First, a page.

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Memorial Number: 35059-166
Type: wooden laminated plaque
Location: Memorial Hall, Lisgar Collegiate Institute
Address: 29 Lisgar Street
Ottawa, ON
Surveyor: Richard Turcotte
Photo Credit: Richard Turcotte

This memorial plaque unveiled in 2008, was erected by the Lisgar Collegiate Institute and Vintage Wings of Canada. This memorial is dedicated to the memory of Pilot Officer David Francis Gaston Rouleau, a College graduate.


[plaque/[plaque]

DAVID FRANCIS GASTON
ROULEAU
PILOT OFFICER ROYAL CANADIAN AIR FORCE

LISGAR COLLEGIATE GRADUATE



[first column/première colonne]

David Rouleau was born in Ottawa, lived along the still waters
of the Rideau canal, attended Lisgar Collegiate and summered along
the logging route known as the Gatineau River. He attended the University of Toronto where he earned a Bachelor of arts. David
Rouleau's life would have been one of happiness assured a college
graduate in a quiet town, one of family roots and children to come and
of success- perhaps as a teacher. He was young, shy, wide-eyed and
innocent in the way that good young men were in 1941. However, his
barely-underway life was swept up in the massive fire storm of the
Second World War. A boy who loved swimming, badminton and pad-
dling on the Gatineau River, whose family loved him for his brightness
and kindness became serial number J15348 and went forth from the
bosom of his family to learn to fly and kill men just like him whose
leaders had chosen a dangerous path.

His is the story of all Canadian airmen of the Second World War; one
of duty and honour to be sure- but also one of excitement, fellowship,
the thrill of flying and the pride of being counted among the finest
warriors Canada had.

Rouleau enlisted in the Royal Ca-
Canadian Air Force taking elemen-
tary flying training at St. Eugene,
Ontario- just to the east of here.
He then went on to No.2 service
Flying Training School at RCAF
Uplands in Ottawa never more
than a short drive from his family.
After earning his wings, David
Rouleau most likely enjoyed a
short leave with his family, was
then swept away into the mael-
strom of war- never to return-
until now.

Rouleau sailed across the Atlantic to train on Spitfires. After his op-
erational training, he joined 131 Squadron, RAF as a Flight Sergeant,
flying with them for 10 months before he was commissioned as a Pilot
Officer. A week after, he left 131 to join pilots sailing for the defence of
Malta in the Mediterranean Sea, reaching Gibraltar before June of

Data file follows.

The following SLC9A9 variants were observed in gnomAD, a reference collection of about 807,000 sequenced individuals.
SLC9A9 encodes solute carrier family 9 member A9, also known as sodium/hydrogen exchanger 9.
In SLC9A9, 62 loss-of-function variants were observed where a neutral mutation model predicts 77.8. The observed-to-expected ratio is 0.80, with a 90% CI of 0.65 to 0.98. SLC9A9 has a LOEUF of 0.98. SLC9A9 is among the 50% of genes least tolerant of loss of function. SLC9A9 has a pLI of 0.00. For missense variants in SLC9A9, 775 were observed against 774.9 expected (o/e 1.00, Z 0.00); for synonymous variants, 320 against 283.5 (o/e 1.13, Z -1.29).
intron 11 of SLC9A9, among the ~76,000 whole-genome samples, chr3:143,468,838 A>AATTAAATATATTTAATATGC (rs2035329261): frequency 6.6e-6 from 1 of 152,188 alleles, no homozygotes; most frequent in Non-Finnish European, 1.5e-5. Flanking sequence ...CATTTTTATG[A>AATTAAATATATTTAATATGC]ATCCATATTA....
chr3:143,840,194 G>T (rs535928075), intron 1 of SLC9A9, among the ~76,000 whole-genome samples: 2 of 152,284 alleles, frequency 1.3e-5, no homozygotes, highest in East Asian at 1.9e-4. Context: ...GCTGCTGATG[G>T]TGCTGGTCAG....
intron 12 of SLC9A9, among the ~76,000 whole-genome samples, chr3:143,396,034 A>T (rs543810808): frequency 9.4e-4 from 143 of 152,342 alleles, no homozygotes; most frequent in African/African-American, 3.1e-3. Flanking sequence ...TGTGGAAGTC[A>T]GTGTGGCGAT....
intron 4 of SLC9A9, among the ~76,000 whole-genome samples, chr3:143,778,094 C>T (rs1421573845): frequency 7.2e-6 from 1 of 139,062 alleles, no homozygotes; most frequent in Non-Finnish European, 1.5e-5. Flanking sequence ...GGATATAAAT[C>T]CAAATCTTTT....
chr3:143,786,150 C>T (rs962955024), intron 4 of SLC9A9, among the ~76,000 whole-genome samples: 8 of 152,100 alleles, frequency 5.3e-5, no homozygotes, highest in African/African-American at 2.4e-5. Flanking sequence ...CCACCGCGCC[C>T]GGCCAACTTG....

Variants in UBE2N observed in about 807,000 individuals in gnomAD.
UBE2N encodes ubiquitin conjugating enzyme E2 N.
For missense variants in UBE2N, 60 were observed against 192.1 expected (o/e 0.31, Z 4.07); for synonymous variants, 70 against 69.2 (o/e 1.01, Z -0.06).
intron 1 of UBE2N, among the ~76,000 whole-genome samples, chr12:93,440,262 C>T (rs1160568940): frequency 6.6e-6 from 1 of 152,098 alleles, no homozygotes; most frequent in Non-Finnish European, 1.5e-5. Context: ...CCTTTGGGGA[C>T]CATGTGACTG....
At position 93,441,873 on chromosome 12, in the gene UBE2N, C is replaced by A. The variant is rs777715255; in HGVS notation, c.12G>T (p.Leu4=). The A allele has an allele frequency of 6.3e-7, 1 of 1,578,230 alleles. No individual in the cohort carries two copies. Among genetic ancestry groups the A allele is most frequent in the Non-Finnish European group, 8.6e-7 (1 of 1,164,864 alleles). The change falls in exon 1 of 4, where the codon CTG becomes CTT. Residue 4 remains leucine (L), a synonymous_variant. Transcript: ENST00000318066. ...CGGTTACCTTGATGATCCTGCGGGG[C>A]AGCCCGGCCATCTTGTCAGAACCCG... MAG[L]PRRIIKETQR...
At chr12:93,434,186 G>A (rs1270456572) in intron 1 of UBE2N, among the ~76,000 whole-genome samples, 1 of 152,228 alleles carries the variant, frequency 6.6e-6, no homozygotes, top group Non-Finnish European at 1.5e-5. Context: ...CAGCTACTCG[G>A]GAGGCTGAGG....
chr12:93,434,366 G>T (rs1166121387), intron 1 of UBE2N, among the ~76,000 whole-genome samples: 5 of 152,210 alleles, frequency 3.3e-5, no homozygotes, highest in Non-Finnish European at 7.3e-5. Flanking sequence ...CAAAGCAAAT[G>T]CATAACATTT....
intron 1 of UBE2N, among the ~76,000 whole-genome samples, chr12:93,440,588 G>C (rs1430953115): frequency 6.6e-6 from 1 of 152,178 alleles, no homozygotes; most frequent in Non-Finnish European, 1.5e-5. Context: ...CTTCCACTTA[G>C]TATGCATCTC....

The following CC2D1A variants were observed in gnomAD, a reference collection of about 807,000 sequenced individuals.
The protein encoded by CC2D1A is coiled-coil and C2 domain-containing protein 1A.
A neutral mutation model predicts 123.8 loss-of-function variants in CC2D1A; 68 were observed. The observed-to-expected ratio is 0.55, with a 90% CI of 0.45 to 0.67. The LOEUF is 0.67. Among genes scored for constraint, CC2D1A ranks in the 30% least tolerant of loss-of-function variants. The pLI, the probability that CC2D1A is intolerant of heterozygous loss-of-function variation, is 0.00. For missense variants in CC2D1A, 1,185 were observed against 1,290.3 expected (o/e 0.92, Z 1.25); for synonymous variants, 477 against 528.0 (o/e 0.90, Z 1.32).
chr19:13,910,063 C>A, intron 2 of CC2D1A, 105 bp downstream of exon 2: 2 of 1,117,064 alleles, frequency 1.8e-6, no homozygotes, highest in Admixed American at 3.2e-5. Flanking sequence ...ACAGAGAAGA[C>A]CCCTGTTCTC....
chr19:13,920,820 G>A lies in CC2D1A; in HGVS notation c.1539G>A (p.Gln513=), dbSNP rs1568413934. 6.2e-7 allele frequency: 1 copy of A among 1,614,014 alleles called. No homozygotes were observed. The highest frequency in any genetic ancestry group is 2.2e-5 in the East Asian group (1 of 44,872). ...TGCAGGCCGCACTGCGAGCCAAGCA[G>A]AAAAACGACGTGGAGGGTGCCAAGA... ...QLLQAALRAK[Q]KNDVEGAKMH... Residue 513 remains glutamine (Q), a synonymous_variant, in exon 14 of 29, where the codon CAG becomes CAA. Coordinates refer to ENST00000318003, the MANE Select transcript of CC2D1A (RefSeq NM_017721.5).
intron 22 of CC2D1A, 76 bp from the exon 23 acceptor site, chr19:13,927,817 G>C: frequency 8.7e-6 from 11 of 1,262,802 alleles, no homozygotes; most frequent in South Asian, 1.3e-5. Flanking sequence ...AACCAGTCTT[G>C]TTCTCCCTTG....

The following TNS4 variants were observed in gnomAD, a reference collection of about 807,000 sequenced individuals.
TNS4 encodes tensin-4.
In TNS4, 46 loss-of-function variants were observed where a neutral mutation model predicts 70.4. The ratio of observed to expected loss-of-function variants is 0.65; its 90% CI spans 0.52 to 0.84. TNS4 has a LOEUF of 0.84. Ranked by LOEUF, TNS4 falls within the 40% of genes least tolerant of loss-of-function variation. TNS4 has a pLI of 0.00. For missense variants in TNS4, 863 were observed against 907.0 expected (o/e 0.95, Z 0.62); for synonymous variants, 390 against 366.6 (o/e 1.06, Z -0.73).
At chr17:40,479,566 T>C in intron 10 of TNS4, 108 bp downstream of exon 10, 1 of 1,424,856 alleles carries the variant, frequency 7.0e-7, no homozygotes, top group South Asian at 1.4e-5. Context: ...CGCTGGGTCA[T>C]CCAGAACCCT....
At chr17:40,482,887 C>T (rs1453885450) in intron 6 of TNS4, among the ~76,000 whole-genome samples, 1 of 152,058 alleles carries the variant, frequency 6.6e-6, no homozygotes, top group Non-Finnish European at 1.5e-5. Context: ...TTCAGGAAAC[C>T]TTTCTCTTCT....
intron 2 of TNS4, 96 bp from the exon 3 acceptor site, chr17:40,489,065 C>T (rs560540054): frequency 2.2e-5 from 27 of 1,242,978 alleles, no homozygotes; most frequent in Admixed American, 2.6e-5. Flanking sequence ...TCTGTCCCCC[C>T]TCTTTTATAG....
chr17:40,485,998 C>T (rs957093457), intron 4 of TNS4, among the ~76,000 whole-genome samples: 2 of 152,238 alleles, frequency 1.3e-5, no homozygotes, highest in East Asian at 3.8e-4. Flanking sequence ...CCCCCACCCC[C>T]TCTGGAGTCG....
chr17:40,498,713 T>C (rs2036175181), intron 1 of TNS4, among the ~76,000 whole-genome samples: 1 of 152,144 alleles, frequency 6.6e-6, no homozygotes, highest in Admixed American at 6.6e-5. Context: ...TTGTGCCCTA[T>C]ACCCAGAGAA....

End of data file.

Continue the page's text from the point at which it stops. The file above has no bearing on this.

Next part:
1942. On June 2nd , he sailed aboard the aircraft carrier HMS Eagle
with fellow pilots and their Spitfire fighters. On the morning of the
3"',31 pilots including Rouleau launched from Eagle's deck, formed
up and headed for Malta. Close to the island fortress, they were
attacked by 12 Messerschmitt Bf-109 fighters of II/JG S3 led by leg-
endary Luftwaffe ace Gerhard Michalski. Four of the 31 Spitfires
were shot down by the Germans including that of Pilot Officer David
Francis Gaston Rouleau. He was never seen again.

[second column/deuxième colonne]

James Cobley grew up during the Second World War. His father
Fred worked for (?) Steel, building fuselages for the Avro Lancaster
bombers of Bomber Command. Immediately after the war, Fred pur- chased a RAF leather flying jacket from a war surplus store for £3.
He wore it for several years to work at the factory, but in 1950 gave it
to his teenaged son Jim, who had secretly wanted it since his father
brought it home. Jim would wear the jacket as he walked to work at the
same factory where his father worked. Jim loved the way he looked in
that jacket, the way it attracted attention- especially from the girls. He
wore it to all the football matches he could attend- and that was a lot
as Jim was a great fan.

In 1952, Jim joined the Royal Air Force for his National Service and
was deployed to Singapore. After returning from duty, Jim took vari-
ous jobs but excelled eventually as a toy salesman. Throughout all this
time, Jim continued to wear his flying jacket whenever he could- espe-
cially to football matches to watch his beloved Oxford United side.
The "Fan in the Flying Jacket" was seen by hundreds of thousands of
people as Jim travelled to away games across England.

It wasn't until 1984 that Jim, at the
suggestion of a friend, had a close
look at the faded label in the
jacket. Close inspection revealed
the faint pencilled lettering with
the name "Rouleau" and a service
number- J15348. It was then that
Jim's abiding curiosity set in
motion a search for the story of
"Rouleau" that would last a quar-
ter of a century, involve dozens of
people and cross an ocean- a
quest that would bring his beloved
jacket home.

That search led Jim to the jacket's owner- Pilot Officer David Rouleau
- who had died during the war trying to get to Malta. Several times the
search for more about Rouleau reached a dead end. But persistence on
the part of Jim and his friends in England and in Ottawa led Jim not
only to the truth but in the end to the family members of David Rou-
leau. The quest brought to light considerable information about the last
days of David Rouleau's life that his family had never known. Now
some 66 years after his disappearance, his family has learned the truth,
come together to celebrate his life and touched the jacket that their
beautiful son once wore. It will now be proudly displayed dose to his
home in the Vintage Wings of Canada library along with other artefacts
from his personal effects- all because of one man's curiosity and
kind-heartedness.